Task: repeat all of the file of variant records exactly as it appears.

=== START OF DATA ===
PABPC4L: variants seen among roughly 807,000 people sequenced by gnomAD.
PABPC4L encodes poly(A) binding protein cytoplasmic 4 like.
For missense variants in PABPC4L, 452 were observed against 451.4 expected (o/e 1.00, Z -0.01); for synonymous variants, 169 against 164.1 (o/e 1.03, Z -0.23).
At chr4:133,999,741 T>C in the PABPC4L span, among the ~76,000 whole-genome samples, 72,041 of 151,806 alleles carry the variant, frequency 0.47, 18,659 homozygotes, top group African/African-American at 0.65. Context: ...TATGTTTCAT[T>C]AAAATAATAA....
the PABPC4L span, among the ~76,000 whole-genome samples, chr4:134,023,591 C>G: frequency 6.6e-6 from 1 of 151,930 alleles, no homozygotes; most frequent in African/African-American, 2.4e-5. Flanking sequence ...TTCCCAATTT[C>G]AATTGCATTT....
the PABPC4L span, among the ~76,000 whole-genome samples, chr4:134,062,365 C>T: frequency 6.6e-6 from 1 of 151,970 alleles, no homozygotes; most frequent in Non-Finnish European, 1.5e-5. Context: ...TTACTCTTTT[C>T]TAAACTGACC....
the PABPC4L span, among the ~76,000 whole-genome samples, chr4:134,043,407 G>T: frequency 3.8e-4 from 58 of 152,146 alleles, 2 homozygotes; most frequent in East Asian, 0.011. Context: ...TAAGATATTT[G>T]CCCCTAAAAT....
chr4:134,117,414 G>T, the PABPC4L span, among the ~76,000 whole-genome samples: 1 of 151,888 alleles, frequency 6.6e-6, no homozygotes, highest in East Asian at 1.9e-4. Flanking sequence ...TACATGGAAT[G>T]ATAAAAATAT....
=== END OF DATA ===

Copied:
PABPC4L: variants seen among roughly 807,000 people sequenced by gnomAD.
PABPC4L encodes poly(A) binding protein cytoplasmic 4 like.
For missense variants in PABPC4L, 452 were observed against 451.4 expected (o/e 1.00, Z -0.01); for synonymous variants, 169 against 164.1 (o/e 1.03, Z -0.23).
At chr4:133,999,741 T>C in the PABPC4L span, among the ~76,000 whole-genome samples, 72,041 of 151,806 alleles carry the variant, frequency 0.47, 18,659 homozygotes, top group African/African-American at 0.65. Context: ...TATGTTTCAT[T>C]AAAATAATAA....
the PABPC4L span, among the ~76,000 whole-genome samples, chr4:134,023,591 C>G: frequency 6.6e-6 from 1 of 151,930 alleles, no homozygotes; most frequent in African/African-American, 2.4e-5. Flanking sequence ...TTCCCAATTT[C>G]AATTGCATTT....
the PABPC4L span, among the ~76,000 whole-genome samples, chr4:134,062,365 C>T: frequency 6.6e-6 from 1 of 151,970 alleles, no homozygotes; most frequent in Non-Finnish European, 1.5e-5. Context: ...TTACTCTTTT[C>T]TAAACTGACC....
the PABPC4L span, among the ~76,000 whole-genome samples, chr4:134,043,407 G>T: frequency 3.8e-4 from 58 of 152,146 alleles, 2 homozygotes; most frequent in East Asian, 0.011. Context: ...TAAGATATTT[G>T]CCCCTAAAAT....
chr4:134,117,414 G>T, the PABPC4L span, among the ~76,000 whole-genome samples: 1 of 151,888 alleles, frequency 6.6e-6, no homozygotes, highest in East Asian at 1.9e-4. Flanking sequence ...TACATGGAAT[G>T]ATAAAAATAT....